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Polar Animals ~ Sweden and the Minke Whale

I think that the other ladies have already concluded their units on Polar Animals, but we started a week late and had just a little more we wanted to accomplish before we finished. This week we wrapped up our study by learning about Sweden and the Minke Whale.

Before starting, we tied up some loose ends by editing and revising our information paragraphs on the Snowy Owl as part of our WriteShop Primary Book A lesson. These paragraphs were written off of a story web created by the kids.

The Snowy Owl
by Brynne
We saw snowy owls at the zoo. My owl has yellow eyes. 
The owl looks at me. The male snowy owl is all white to 
blend into the sky and snow. At the zoo, they make it 
really cold so the snowy owl can live. I am so glad to have a 
snowy owl at the zoo.

The Snowy Owl
by Eli
Snowy owls are the snowiest creatures on Earth. 
The male snowy owl is all white. Males need to blend 
into the sky and snow. The owls have sharp claws 
to swoop down and get food and for protection. 
Snowy owls are Arctic animals.

We took a two-day break from our current read-aloud to read Snowshoe the Hare by Kathryn White and Ruth Rivers. It was a fun book about how snowshoe hares turn white in the winter to camouflage themselves.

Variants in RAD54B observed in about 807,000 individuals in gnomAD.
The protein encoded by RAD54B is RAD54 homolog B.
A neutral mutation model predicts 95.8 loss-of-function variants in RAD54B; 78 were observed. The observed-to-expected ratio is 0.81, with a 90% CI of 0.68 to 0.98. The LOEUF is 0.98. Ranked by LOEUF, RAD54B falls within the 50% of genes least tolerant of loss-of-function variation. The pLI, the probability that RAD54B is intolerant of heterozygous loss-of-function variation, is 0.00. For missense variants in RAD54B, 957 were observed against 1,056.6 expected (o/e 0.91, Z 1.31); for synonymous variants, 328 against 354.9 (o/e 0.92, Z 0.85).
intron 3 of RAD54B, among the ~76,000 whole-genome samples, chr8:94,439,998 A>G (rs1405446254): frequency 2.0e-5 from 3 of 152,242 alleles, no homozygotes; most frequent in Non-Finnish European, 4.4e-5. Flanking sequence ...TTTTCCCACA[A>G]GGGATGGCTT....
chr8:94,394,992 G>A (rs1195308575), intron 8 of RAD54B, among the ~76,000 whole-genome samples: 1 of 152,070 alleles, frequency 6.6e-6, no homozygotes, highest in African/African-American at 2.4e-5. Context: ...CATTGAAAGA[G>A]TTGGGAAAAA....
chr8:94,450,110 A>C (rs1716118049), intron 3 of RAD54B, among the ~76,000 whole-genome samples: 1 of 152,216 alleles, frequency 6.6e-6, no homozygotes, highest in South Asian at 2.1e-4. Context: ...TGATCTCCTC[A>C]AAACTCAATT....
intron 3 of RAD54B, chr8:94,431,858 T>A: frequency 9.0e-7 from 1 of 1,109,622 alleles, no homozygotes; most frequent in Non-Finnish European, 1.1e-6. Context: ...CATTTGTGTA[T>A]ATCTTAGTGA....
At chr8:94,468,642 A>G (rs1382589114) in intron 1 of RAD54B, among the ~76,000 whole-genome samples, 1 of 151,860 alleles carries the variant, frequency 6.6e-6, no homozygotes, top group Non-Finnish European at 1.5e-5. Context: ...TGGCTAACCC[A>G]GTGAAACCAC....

We colored the Swedish flag and read facts about Sweden. The video on the National Geographic website was about the Sami people, which was very interesting.

Then we read a small book called My World of Animals: Whales by Frences E. Ruffin. Although it wasn't about Polar whales, it did give good general facts about whales. (With our limited library, I just take what I can get.)

We read specific facts about the minke whale, we played a whale migration animated game (this was a really fun and educational game!!), and did the ever-fun blubber experiment.

Finally, for art we completed an "Under the Sea" drawing of whales from Deep Space Sparkle (love that site!).

Eli, well, doesn't enjoy art much. So his drawings are usually fairly simple.

I like how Brynne added the baleen of the whale without even being instructed.

And that concludes our study of Polar Animals and the Polar regions where they live. This has been a fun study for us and we enjoyed our time collaborating with The Usual Mayhem, No Doubt Learning, Montessori Tidbits, and Childhood Beckons.

You can click on the Polar Animals tag below to read all of my posts from this unit.


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